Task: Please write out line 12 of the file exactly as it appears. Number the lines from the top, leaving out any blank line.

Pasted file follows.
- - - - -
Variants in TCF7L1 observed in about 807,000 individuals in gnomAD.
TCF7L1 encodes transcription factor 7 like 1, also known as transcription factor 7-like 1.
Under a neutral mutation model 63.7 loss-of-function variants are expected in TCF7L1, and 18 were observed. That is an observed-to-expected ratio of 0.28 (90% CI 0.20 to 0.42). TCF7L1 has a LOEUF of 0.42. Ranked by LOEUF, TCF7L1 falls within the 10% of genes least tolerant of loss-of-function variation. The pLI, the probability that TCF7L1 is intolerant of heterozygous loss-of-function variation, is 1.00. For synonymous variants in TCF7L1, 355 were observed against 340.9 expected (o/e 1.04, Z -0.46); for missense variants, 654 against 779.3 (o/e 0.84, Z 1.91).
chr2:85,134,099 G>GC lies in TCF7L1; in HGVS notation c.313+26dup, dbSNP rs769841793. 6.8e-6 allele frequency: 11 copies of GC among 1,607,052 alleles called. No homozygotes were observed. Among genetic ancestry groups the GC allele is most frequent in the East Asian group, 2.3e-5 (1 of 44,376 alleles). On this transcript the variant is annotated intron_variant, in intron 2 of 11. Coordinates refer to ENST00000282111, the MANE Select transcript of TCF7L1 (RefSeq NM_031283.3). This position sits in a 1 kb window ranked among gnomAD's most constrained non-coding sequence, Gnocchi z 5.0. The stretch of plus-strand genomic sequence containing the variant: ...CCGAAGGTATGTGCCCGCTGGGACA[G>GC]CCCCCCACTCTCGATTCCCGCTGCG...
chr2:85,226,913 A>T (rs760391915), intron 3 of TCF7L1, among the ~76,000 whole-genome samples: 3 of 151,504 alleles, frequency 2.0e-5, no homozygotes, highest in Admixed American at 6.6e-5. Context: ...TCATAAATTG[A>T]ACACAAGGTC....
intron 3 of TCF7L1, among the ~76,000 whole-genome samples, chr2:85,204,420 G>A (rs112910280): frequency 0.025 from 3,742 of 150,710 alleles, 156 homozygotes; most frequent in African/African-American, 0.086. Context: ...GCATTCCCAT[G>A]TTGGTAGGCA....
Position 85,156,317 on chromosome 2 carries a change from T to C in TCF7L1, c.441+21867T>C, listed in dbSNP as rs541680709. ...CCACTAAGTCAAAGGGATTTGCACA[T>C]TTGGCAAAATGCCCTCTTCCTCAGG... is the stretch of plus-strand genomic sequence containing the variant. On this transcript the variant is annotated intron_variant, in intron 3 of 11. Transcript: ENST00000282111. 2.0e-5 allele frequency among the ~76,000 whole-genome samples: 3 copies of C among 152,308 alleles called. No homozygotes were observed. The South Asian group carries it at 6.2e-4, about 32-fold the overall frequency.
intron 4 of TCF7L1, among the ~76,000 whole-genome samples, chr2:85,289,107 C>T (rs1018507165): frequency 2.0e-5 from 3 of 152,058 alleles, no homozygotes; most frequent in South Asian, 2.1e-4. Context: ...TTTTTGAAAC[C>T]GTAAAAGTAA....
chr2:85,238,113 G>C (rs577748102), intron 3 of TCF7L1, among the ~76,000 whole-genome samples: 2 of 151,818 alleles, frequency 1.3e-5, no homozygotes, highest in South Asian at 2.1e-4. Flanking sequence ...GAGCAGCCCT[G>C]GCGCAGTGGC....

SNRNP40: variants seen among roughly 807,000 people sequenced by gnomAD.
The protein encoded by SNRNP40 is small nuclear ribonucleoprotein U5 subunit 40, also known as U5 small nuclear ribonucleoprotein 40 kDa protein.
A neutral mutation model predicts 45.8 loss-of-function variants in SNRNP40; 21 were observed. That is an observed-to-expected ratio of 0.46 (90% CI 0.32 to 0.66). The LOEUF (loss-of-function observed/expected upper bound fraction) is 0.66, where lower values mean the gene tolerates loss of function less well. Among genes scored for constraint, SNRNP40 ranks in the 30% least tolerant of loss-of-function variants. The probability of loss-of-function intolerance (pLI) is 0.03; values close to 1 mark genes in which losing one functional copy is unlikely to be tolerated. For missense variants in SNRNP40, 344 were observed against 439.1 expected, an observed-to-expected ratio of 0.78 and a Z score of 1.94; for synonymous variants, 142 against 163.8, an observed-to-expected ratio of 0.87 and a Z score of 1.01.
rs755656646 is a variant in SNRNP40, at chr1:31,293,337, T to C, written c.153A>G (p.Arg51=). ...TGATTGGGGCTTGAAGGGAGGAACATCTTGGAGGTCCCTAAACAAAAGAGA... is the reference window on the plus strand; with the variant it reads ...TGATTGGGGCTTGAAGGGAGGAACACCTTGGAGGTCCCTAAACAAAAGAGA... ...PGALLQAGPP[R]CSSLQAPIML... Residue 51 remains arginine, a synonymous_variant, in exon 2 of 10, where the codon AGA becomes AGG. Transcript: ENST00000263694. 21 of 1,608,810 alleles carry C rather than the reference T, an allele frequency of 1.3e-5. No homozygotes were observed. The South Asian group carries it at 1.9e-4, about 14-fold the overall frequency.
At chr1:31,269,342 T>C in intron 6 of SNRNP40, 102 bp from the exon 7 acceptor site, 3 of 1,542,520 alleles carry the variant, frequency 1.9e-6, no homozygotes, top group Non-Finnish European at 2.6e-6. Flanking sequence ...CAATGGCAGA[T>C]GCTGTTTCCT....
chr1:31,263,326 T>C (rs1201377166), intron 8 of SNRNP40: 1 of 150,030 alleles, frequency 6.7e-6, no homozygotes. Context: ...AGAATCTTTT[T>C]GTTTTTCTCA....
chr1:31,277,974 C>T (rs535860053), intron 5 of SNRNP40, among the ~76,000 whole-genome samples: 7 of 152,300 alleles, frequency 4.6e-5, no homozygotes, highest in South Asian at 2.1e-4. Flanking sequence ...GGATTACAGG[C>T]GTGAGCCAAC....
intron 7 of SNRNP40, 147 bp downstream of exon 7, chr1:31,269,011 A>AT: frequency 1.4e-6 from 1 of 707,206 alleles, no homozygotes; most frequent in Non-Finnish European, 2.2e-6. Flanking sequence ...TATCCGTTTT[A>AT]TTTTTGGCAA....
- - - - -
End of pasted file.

A neutral mutation model predicts 45.8 loss-of-function variants in SNRNP40; 21 were observed. That is an observed-to-expected ratio of 0.46 (90% CI 0.32 to 0.66). The LOEUF (loss-of-function observed/expected upper bound fraction) is 0.66, where lower values mean the gene tolerates loss of function less well. Among genes scored for constraint, SNRNP40 ranks in the 30% least tolerant of loss-of-function variants. The probability of loss-of-function intolerance (pLI) is 0.03; values close to 1 mark genes in which losing one functional copy is unlikely to be tolerated. For missense variants in SNRNP40, 344 were observed against 439.1 expected, an observed-to-expected ratio of 0.78 and a Z score of 1.94; for synonymous variants, 142 against 163.8, an observed-to-expected ratio of 0.87 and a Z score of 1.01.